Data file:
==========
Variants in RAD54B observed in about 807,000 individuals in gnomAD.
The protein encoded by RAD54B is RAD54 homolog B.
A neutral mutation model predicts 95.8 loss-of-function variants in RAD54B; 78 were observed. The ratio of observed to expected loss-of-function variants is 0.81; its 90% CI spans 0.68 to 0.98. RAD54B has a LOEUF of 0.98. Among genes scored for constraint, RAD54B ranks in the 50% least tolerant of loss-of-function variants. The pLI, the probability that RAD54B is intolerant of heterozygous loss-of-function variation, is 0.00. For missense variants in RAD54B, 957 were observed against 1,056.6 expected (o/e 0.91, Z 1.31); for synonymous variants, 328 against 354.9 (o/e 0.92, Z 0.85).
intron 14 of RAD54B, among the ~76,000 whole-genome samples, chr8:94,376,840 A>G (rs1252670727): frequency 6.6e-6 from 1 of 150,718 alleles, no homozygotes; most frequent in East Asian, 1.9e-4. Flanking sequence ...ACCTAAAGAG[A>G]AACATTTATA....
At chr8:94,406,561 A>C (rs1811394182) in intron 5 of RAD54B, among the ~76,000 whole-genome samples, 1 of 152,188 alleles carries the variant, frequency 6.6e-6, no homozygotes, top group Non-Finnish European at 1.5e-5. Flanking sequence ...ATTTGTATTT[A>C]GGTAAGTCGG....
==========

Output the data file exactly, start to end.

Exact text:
Variants in RAD54B observed in about 807,000 individuals in gnomAD.
The protein encoded by RAD54B is RAD54 homolog B.
A neutral mutation model predicts 95.8 loss-of-function variants in RAD54B; 78 were observed. The ratio of observed to expected loss-of-function variants is 0.81; its 90% CI spans 0.68 to 0.98. RAD54B has a LOEUF of 0.98. Among genes scored for constraint, RAD54B ranks in the 50% least tolerant of loss-of-function variants. The pLI, the probability that RAD54B is intolerant of heterozygous loss-of-function variation, is 0.00. For missense variants in RAD54B, 957 were observed against 1,056.6 expected (o/e 0.91, Z 1.31); for synonymous variants, 328 against 354.9 (o/e 0.92, Z 0.85).
intron 14 of RAD54B, among the ~76,000 whole-genome samples, chr8:94,376,840 A>G (rs1252670727): frequency 6.6e-6 from 1 of 150,718 alleles, no homozygotes; most frequent in East Asian, 1.9e-4. Flanking sequence ...ACCTAAAGAG[A>G]AACATTTATA....
At chr8:94,406,561 A>C (rs1811394182) in intron 5 of RAD54B, among the ~76,000 whole-genome samples, 1 of 152,188 alleles carries the variant, frequency 6.6e-6, no homozygotes, top group Non-Finnish European at 1.5e-5. Flanking sequence ...ATTTGTATTT[A>C]GGTAAGTCGG....